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Ground rent changes: your questions answered

about 2 years ago
Ground rent changes: your questions answered

The Department for Levelling Up, Housing & Communities is getting ready to implement its latest reforms to residential ground rent this June. We’ve answered some of the most common questions ahead of the planned changes.

Q. What is ground rent?
A. This is usually an annual sum of money charged by the freeholder (the person who owns the land on which the property is built) to the leaseholder (the person who owns the building but not the land). A typical ground rent fee will be between £100-£250 per year but some freeholders add a clause in the contract that stipulates the ground rent will double every 10 to 20 years.

Q. What properties are subject to ground rent?
A. Usually owners of leasehold flats and apartments are asked to pay ground rent, although it is also common for converted flats in large houses to also receive a ground rent demand. More recently, builders of new houses have been selling the properties on a leasehold basis.

Q. Is the law surrounding ground rent changing?
A. Yes, via The Leasehold Reform (Ground Rent) Act. This new Act takes effect from 30th June 2022. After this date, freeholders will no longer be allowed to charge ground rent to leaseholders who are taking out new long leases. This will represent a financial saving of hundreds of pounds annually for most leaseholders. The ban on ground rent will extend to retirement properties as of 1st April 2023.

Q. What does a ‘peppercorn amount’ mean?
A. If you are signing a new long lease on a leasehold flat or house from 1st July 2022, you may see the wording ‘ground rent set to a peppercorn amount’ used in paperwork. It’s a token way of saying that the ground rent will be zero. Why a peppercorn? The Government has used an item so small and nominal in value that it’s not worth paying, illustrating that there will be no ground rent charges.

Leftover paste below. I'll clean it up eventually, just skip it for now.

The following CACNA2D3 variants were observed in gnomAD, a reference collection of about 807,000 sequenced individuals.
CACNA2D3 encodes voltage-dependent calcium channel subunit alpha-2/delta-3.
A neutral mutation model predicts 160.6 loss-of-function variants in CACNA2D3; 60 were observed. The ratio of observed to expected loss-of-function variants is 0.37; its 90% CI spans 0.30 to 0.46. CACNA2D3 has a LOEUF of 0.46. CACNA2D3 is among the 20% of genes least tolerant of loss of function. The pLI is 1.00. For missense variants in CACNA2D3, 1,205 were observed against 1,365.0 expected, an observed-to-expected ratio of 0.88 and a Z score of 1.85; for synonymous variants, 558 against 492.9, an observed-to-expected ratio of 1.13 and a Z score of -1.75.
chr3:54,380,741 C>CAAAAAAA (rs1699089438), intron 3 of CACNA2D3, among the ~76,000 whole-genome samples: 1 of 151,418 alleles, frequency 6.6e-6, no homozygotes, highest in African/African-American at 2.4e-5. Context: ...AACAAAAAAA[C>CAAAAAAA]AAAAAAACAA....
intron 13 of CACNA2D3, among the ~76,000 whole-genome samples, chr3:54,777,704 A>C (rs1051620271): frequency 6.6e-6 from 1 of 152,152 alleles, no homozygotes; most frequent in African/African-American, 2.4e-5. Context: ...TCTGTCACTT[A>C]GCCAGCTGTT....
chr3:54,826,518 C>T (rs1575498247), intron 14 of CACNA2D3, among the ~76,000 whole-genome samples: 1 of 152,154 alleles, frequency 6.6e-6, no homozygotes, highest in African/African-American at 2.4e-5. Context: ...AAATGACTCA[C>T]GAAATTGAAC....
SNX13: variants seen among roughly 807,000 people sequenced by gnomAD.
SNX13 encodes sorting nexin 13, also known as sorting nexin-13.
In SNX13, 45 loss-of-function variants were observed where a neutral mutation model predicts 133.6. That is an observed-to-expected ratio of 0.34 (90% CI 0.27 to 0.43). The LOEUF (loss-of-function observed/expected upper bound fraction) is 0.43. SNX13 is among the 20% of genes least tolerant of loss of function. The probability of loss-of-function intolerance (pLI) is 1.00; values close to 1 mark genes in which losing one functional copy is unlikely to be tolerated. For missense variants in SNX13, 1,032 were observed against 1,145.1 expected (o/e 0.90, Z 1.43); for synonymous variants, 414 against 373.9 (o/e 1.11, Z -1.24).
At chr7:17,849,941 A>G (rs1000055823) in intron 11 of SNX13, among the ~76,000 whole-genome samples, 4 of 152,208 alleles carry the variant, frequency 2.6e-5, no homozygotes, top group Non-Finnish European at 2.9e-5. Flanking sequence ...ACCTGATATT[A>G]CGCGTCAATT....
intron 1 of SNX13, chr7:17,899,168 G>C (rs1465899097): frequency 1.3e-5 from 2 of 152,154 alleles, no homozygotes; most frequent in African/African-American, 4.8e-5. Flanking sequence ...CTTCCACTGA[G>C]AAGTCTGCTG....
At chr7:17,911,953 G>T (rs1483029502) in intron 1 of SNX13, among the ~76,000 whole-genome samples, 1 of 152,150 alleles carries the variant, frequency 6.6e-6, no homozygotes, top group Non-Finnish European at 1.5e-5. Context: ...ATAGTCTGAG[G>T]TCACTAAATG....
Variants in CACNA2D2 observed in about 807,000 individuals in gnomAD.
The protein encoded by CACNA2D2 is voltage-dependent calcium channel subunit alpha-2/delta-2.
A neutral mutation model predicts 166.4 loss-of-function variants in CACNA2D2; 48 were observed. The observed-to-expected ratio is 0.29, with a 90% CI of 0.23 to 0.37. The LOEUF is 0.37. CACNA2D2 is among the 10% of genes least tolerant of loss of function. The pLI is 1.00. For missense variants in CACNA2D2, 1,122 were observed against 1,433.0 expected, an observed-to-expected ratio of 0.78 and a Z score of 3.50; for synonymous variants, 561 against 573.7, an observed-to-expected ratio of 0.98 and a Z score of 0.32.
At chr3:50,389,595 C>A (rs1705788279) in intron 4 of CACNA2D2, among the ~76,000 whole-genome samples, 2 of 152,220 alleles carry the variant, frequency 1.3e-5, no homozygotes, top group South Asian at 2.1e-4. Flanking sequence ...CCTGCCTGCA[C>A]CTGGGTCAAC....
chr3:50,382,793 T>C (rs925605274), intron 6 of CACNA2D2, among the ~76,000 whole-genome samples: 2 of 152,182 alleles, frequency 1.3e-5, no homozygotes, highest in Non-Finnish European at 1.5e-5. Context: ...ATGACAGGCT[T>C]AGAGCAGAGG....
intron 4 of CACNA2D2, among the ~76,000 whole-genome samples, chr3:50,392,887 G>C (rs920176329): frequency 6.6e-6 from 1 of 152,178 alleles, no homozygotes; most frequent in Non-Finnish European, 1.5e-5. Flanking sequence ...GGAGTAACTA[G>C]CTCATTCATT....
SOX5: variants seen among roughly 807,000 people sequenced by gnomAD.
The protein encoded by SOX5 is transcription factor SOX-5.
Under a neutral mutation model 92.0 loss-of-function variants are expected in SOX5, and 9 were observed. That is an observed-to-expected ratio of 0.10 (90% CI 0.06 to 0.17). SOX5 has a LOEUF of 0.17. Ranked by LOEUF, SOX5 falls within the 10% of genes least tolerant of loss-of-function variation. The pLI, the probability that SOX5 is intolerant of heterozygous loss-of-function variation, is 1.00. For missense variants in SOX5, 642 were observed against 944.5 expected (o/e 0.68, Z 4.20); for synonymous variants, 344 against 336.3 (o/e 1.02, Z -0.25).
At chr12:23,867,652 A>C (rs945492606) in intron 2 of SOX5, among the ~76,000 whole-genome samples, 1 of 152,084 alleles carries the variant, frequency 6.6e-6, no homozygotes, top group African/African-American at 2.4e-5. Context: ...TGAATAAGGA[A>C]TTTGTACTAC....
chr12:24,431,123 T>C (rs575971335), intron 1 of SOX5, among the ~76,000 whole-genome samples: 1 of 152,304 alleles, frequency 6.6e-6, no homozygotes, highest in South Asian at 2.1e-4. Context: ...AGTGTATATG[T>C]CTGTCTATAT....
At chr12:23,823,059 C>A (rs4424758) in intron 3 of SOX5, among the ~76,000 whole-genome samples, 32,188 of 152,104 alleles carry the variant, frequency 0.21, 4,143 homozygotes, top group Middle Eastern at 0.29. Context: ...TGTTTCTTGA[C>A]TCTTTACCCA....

Q. I’m an existing leaseholder, what is changing for me?
A. For now, your freeholder will still be able to charge you ground rent but the new Act will change the process of informally extending a lease, allowing existing leaseholders to manage the ground rent they are charged. When a leaseholder informally extends their lease, the freeholder must not increase the ground rent while the remaining term expires. When the new term starts, the ground rent must be reset to zero.

Q. Will ground rent ever be scrapped for existing leaseholders?
A. Of that we are not sure but what we do know is that the Government is consulting on a second Bill that would address many concerns held by existing leaseholders. A major reform will hopefully make it easier and cheaper for leaseholders to buy the freehold of their property, which would remove the necessity to pay ground rent. No date for the Bill moving through Parliament to become an Act was available at the time of writing.

Q. Is there a workaround for existing leaseholders?
A. Leaseholders can formally apply to extend their lease by 990 years at zero ground rent thanks to Government reforms in 2021. While a formal lease extension will effectively see the end to ground rent attached to a property, the cost of extending a lease usually costs thousands of pounds. It is this situation that the Government’s second Bill will hopefully reform in favour of the leaseholder.

Q. What is a Bill and when does it become an Act?
A. An Act of Parliament introduces a new law or changes an existing one. The Act starts off as a Bill (such as the current Renters’ Reform Bill), which sets out the details. The Act has to be approved by the House of Commons and the House of Lords before it is given Royal Assent by the ruling monarch. Only then does the Bill turn into an Act and become law.

If you have any outstanding questions regarding ground rents, leasehold properties and the future changes outlined, please contact the team today.

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